Archive for October, 2017
You may already know that sleep apnea is a breathing issue that actually affects over 22 million Americans in some form or another. However, what you may not know is that sleep apnea can be an early sign of diabetes developing within the body. This ultimately comes down to the concentration of oxygen within the bloodstream. Below, we’ve compiled all the details you need to know regarding type 2 diabetes and sleep apnea how presence of each disease affects the other.
Type 2 Diabetes
Firstly, this is a chronic condition that increases the blood glucose levels to unnatural highs. Over time, the body becomes immune to the effects of insulin or it fails to use the store your body offers and this leads to several consequences. At first, the pancreas will step in to make up for the extra insulin. However, this isn’t a sustainable solution and not enough insulin is produced to maintain natural levels. Unfortunately, the condition is actually largely preventable which means our lifestyles are to blame including obesity and history of the disease in the family.
Also known as obstructive sleep apnea (OSA), this is a sleep disorder that directly affects the breathing during the night. With snoring and sudden wakefulness as the two main symptoms, OSA can actually lead to several health complications including heart disease and, of course, diabetes. In addition to this, it can impact people who are obese or have a history of the issue in the family, much like diabetes.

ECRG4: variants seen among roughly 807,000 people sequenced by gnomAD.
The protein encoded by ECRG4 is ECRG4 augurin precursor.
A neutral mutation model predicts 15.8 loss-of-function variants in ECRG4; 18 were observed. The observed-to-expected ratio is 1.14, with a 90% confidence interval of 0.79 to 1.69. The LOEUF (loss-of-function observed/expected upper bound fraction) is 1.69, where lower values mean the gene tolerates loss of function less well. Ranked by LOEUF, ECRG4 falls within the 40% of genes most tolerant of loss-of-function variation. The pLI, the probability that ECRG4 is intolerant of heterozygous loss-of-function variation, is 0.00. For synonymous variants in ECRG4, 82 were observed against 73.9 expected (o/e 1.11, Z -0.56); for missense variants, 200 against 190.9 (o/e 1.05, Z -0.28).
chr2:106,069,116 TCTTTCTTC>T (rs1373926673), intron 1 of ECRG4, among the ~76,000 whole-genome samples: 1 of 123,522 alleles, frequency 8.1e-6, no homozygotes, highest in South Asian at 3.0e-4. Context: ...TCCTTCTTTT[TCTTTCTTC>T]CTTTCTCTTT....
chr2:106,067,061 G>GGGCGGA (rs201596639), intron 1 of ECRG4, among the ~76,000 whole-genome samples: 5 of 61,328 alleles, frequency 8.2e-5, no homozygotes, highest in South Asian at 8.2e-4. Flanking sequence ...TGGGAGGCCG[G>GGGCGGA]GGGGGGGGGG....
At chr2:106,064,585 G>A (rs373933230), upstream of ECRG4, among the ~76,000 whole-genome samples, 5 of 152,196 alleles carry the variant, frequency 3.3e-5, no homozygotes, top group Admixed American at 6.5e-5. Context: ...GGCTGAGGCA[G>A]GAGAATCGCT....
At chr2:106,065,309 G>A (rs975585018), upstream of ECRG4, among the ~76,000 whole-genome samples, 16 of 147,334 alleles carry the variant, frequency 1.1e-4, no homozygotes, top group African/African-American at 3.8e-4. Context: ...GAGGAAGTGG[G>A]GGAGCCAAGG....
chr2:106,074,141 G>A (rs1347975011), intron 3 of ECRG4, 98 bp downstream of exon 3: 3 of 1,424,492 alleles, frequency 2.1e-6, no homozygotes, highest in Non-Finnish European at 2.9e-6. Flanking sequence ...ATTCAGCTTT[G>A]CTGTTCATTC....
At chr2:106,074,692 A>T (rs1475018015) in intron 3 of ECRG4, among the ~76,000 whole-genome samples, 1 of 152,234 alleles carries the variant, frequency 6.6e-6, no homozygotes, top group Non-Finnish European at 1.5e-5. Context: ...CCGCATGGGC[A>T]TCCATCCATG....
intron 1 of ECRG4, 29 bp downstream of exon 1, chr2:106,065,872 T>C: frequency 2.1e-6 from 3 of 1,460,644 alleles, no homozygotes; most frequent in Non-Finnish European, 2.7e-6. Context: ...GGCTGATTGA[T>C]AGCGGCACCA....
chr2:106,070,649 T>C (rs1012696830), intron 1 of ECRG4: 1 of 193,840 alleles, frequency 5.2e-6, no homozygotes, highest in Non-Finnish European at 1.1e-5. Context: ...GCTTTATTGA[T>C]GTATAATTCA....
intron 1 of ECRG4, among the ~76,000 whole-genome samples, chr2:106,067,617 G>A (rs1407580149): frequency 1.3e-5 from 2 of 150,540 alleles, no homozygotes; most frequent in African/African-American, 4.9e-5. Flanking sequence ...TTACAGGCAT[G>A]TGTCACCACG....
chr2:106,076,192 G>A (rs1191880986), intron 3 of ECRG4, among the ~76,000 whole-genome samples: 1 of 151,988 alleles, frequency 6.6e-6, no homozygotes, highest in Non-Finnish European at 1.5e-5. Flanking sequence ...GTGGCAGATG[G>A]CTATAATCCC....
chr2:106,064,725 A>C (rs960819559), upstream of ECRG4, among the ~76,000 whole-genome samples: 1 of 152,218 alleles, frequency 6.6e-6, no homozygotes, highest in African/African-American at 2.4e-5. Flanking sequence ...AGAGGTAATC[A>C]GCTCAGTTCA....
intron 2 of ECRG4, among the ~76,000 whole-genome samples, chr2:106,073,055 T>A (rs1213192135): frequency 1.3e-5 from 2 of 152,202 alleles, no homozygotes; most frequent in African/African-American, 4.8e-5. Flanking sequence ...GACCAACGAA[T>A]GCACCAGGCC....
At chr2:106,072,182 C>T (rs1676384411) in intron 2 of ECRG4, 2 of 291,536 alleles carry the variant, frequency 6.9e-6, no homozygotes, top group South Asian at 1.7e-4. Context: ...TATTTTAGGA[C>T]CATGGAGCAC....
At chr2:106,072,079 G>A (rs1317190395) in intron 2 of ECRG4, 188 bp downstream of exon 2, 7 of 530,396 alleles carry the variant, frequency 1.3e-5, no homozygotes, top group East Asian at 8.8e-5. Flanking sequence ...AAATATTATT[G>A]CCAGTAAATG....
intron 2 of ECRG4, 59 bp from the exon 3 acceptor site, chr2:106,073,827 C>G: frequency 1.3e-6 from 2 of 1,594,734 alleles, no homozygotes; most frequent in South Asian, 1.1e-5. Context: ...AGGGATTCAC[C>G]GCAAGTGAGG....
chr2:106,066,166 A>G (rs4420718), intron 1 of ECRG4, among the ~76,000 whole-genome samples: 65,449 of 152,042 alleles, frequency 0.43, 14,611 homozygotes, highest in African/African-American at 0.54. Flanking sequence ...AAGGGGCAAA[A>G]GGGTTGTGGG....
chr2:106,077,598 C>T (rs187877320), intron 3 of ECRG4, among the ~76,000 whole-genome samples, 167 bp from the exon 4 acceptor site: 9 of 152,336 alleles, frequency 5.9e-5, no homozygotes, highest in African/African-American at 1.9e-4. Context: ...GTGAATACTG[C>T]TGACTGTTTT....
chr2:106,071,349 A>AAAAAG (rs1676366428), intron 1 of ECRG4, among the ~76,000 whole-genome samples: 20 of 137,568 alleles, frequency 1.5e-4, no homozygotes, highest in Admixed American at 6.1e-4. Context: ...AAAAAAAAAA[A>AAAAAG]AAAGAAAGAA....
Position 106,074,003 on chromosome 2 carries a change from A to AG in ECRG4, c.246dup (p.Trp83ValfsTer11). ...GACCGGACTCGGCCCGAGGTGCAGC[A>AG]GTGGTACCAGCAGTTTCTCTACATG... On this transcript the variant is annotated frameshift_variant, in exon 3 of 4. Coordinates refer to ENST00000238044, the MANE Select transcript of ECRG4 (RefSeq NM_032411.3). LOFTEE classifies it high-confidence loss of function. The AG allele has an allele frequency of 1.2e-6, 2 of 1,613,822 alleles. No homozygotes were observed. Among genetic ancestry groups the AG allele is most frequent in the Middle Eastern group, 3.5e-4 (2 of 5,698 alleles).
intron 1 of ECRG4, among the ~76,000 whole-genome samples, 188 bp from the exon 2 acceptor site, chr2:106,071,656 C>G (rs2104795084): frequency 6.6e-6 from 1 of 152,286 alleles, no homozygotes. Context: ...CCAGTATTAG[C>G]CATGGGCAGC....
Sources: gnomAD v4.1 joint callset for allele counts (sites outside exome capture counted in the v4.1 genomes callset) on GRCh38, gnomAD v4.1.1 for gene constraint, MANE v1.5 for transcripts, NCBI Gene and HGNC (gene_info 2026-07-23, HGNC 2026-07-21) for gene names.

The Correlation Between Type 2 Diabetes and Sleep Apnea
Scientists have actually known about the correlation between type 2 diabetes and sleep apnea for three and a half decades. Proving a significant percentage of diabetics also suffered from sleep breathing disorders, interest grew and we’ve been learning more about the relationship ever since.
According to the Center for Disease Control and Prevention, nearly 26 million people suffer from diabetes with up to 95% of these people having the type 2 variety. Of this huge number, 7 in every 10 also have OSA and one study even suggested a total of 72%, which is significant.
Why? Most commonly, the issue starts with sleep apnea. A certain percentage of people don’t manage this condition very well, making it very difficult for our bodies to control the blood sugar levels. As the condition gets worse and we still don’t manage sleep apnea effectively, type 2 diabetes and sleep apnea will both cause more complications as a result.
In addition to this, there’s also a link between the two with excess stress and body fat. When we wake up during the night due to sleep apnea, this causes frustration and stress because we aren’t able to relax before we fall asleep (knowing it will come during the night), leaving us feeling tired the next day. With this interrupted sleep, our bodies are strained beyond comfortable levels and this will further increase blood sugar levels.
As we saw previously, obesity is commonly involved in both these issues. For people who are overweight and develop sleep apnea, any excess fat around the neck will actually obstruct the airways and exacerbate the problem. Overnight, your breathing will be interrupted further and this leads to less sleep and increased stress. In turn, this causes a higher risk for both type 2 diabetes and sleep apnea.
Does it Work in Reverse?
With this in mind, can it work the other way where diabetes causes sleep apnea? Ultimately, people with diabetes tend to have poorer sleep than most anyway and this is because the high glucose levels lead to the kidneys excreting excess sugar during the night. In addition to this, diabetes sufferers can struggle with leptin resistance which depresses the respiratory function and causes a destabilization in breathing patterns.